WASHINGTON -- Most of his teammates already were out on the field for batting practice when Stephen Strasburg wandered into the home clubhouse at Nationals Park on Wednesday.
Shut down for at least two days -- and perhaps three or four -- because of a stiff pitching shoulder, Strasburg did not need to hurry to put on his uniform. Backup catcher Wil Nieves, whose locker is next to Strasburg's, turned to the rookie sensation and asked, "How you doing, man? You all right?"
Strasburg's answer -- the one the Washington Nationals and their fans care so much about -- was inaudible. About two hours later, though, standing against a cinderblock wall in the hallway outside that clubhouse, the prized right-hander spoke to reporters for the first time since being scratched Tuesday, shortly before what was supposed to be the 10th major league start of his much-hyped career.
Strasburg said he first sensed tightness in his pitching shoulder "a couple days ago," and he chalked it up to "kind of hitting the wall a little bit."
He said he felt "a lot better" and his range of motion is "starting to come back."
Washington general manager Mike Rizzo and trainer Lee Kuntz said Strasburg did not indicate he had a problem before Tuesday, when his pregame bullpen session was stopped about a half-dozen throws in.
"I wasn't really scared, because it's kind of something that I've had happen to me before," Strasburg said, referring to feeling stiffness in his right shoulder while in college at San Diego State. "It wasn't on just one pitch, so that's obviously a big thing."
He took anti-inflammatory medicine Wednesday and underwent treatment that Kuntz said included "stretching, strengthening ... using heat, using ice." But the No. 1 overall pick in the 2009 amateur draft did not toss a ball. Instead, during batting practice, Strasburg stood in the right-field grass, chatting with pitching coach Steve McCatty.
It's not exactly clear when he will next throw a baseball, much less pitch in a game; his next scheduled start would be Sunday.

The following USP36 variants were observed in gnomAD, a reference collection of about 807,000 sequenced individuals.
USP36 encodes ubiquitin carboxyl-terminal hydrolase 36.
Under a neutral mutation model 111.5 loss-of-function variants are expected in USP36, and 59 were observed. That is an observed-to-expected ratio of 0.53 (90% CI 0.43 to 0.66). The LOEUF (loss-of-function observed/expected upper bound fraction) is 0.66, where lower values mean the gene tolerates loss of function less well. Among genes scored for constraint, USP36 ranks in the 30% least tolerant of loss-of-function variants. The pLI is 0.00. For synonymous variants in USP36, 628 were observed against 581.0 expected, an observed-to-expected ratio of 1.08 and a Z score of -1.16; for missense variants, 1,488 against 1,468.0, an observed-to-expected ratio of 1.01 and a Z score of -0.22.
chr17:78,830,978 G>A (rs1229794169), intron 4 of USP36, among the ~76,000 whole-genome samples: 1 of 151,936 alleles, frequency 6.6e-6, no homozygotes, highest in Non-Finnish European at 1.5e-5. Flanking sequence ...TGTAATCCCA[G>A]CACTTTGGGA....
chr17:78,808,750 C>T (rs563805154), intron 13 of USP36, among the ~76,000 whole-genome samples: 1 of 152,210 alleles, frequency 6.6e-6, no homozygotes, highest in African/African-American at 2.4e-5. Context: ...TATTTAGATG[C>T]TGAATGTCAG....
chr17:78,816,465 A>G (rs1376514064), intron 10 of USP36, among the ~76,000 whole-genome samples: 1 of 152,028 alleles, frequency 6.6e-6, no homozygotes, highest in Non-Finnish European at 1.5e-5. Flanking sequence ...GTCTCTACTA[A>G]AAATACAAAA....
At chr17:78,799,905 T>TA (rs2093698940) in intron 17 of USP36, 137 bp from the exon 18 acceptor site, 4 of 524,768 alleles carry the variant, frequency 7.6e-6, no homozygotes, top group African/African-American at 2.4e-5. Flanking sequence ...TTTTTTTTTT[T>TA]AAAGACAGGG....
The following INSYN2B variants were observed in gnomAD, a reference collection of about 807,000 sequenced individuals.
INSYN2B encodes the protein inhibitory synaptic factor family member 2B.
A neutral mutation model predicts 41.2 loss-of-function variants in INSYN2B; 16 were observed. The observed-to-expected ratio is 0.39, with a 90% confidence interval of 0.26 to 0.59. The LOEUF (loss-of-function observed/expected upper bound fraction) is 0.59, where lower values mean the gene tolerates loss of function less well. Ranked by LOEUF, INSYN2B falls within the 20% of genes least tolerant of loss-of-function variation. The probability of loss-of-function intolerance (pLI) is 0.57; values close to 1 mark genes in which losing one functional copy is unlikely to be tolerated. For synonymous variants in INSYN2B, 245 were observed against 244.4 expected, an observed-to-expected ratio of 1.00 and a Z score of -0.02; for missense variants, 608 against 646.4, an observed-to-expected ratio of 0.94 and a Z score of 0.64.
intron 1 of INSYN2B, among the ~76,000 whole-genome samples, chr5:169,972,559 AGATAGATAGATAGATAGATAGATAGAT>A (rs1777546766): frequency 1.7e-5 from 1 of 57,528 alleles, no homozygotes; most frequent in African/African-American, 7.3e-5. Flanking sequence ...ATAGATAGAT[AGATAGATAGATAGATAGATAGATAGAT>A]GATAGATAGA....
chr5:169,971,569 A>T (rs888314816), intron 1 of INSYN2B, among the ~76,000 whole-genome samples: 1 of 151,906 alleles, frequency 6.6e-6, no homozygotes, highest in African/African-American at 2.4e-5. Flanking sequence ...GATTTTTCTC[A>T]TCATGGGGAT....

"We don't have an update whether he's going to pitch Sunday or when he'll pitch again, if not Sunday," manager Jim Riggleman said. "We're just really going to give it another day or two before we do anything."
The Nationals have been quite careful in the way they have brought along Strasburg since giving him a record $15.1 million contract right before the deadline for getting deals done.
Even though Strasburg was dominant at times during spring training, he was moved to minor league camp in Florida, then began the season at Double-A Harrisburg. The righty was promoted to Triple-A Syracuse in early May, before making his highly anticipated major league debut June 8 -- and, somehow, surpassing expectations by striking out 14 batters in a 5-2 victory over the Pittsburgh Pirates.
He left that game after seven innings, part of a pattern of being eased into the rigors of the major leagues. The Nationals have said they would end Strasburg's season when he reaches 160 innings, even if that cap were to come in late August or early September.
He's been by far the brightest spot in another last-place season for the Nationals in 2010, going 5-2 with a 2.32 ERA, 75 strikeouts and 15 walks in 54 1/3 innings.
So far in 2010, he's thrown 109 2/3 innings total, including in the minors, which essentially matches his count in his final college season at San Diego State: 109 innings.
"I'm just at the point in the season where I'm kind of going down uncharted territory," Strasburg said Wednesday.
Asked to describe when he feels a problem in his shoulder -- the official team diagnosis was "inflammation" -- Strasburg said: "After I throw the ball, when I finish."
He continued: "I've been learning a lot here, and when you're playing this many games throughout the season, you're going to start feeling things in your body that you wouldn't otherwise thought you'd feel. You know, little things getting to feel a little off. ... It really is a blessing in disguise, because I know what this feels like to get to the 100-game point, getting right up to this many innings. And I know how to prepare for it now. And next year, God willing, this won't happen again, and we'll be in playoff contention."